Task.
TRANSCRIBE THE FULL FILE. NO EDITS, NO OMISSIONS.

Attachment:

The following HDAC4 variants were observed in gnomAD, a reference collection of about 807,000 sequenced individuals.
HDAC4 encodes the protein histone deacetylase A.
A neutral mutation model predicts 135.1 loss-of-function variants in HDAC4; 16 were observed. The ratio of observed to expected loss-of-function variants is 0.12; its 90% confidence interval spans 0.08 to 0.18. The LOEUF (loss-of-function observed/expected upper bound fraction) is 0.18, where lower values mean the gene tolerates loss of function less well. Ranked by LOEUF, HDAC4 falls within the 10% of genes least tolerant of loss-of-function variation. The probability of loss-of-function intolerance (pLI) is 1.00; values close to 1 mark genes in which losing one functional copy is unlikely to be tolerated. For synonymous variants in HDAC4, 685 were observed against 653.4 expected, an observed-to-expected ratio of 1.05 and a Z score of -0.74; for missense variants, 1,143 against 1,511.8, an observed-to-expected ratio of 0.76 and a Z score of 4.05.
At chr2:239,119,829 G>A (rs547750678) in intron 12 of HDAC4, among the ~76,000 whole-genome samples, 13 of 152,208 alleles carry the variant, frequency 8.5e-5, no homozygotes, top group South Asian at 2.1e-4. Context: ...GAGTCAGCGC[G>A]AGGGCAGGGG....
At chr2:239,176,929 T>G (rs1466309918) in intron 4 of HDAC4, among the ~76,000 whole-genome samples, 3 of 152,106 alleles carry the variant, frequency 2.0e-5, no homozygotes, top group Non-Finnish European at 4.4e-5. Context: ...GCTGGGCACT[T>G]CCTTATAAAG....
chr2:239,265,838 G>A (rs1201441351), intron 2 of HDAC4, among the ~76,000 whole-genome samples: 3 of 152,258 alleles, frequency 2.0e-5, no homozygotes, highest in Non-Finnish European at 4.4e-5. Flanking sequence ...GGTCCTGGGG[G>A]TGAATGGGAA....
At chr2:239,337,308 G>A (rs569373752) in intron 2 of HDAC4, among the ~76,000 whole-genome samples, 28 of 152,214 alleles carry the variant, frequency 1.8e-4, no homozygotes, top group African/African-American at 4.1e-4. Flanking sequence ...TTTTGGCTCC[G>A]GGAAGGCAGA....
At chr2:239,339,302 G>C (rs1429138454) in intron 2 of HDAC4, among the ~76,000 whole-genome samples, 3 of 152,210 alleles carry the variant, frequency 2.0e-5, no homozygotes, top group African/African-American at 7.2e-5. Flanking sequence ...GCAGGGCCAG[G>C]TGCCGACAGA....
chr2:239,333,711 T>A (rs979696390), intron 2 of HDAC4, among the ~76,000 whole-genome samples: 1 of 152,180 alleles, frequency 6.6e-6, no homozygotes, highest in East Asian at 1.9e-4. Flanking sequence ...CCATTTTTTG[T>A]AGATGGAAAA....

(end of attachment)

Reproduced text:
The following HDAC4 variants were observed in gnomAD, a reference collection of about 807,000 sequenced individuals.
HDAC4 encodes the protein histone deacetylase A.
A neutral mutation model predicts 135.1 loss-of-function variants in HDAC4; 16 were observed. The ratio of observed to expected loss-of-function variants is 0.12; its 90% confidence interval spans 0.08 to 0.18. The LOEUF (loss-of-function observed/expected upper bound fraction) is 0.18, where lower values mean the gene tolerates loss of function less well. Ranked by LOEUF, HDAC4 falls within the 10% of genes least tolerant of loss-of-function variation. The probability of loss-of-function intolerance (pLI) is 1.00; values close to 1 mark genes in which losing one functional copy is unlikely to be tolerated. For synonymous variants in HDAC4, 685 were observed against 653.4 expected, an observed-to-expected ratio of 1.05 and a Z score of -0.74; for missense variants, 1,143 against 1,511.8, an observed-to-expected ratio of 0.76 and a Z score of 4.05.
At chr2:239,119,829 G>A (rs547750678) in intron 12 of HDAC4, among the ~76,000 whole-genome samples, 13 of 152,208 alleles carry the variant, frequency 8.5e-5, no homozygotes, top group South Asian at 2.1e-4. Context: ...GAGTCAGCGC[G>A]AGGGCAGGGG....
At chr2:239,176,929 T>G (rs1466309918) in intron 4 of HDAC4, among the ~76,000 whole-genome samples, 3 of 152,106 alleles carry the variant, frequency 2.0e-5, no homozygotes, top group Non-Finnish European at 4.4e-5. Context: ...GCTGGGCACT[T>G]CCTTATAAAG....
chr2:239,265,838 G>A (rs1201441351), intron 2 of HDAC4, among the ~76,000 whole-genome samples: 3 of 152,258 alleles, frequency 2.0e-5, no homozygotes, highest in Non-Finnish European at 4.4e-5. Flanking sequence ...GGTCCTGGGG[G>A]TGAATGGGAA....
At chr2:239,337,308 G>A (rs569373752) in intron 2 of HDAC4, among the ~76,000 whole-genome samples, 28 of 152,214 alleles carry the variant, frequency 1.8e-4, no homozygotes, top group African/African-American at 4.1e-4. Flanking sequence ...TTTTGGCTCC[G>A]GGAAGGCAGA....
At chr2:239,339,302 G>C (rs1429138454) in intron 2 of HDAC4, among the ~76,000 whole-genome samples, 3 of 152,210 alleles carry the variant, frequency 2.0e-5, no homozygotes, top group African/African-American at 7.2e-5. Flanking sequence ...GCAGGGCCAG[G>C]TGCCGACAGA....
chr2:239,333,711 T>A (rs979696390), intron 2 of HDAC4, among the ~76,000 whole-genome samples: 1 of 152,180 alleles, frequency 6.6e-6, no homozygotes, highest in East Asian at 1.9e-4. Flanking sequence ...CCATTTTTTG[T>A]AGATGGAAAA....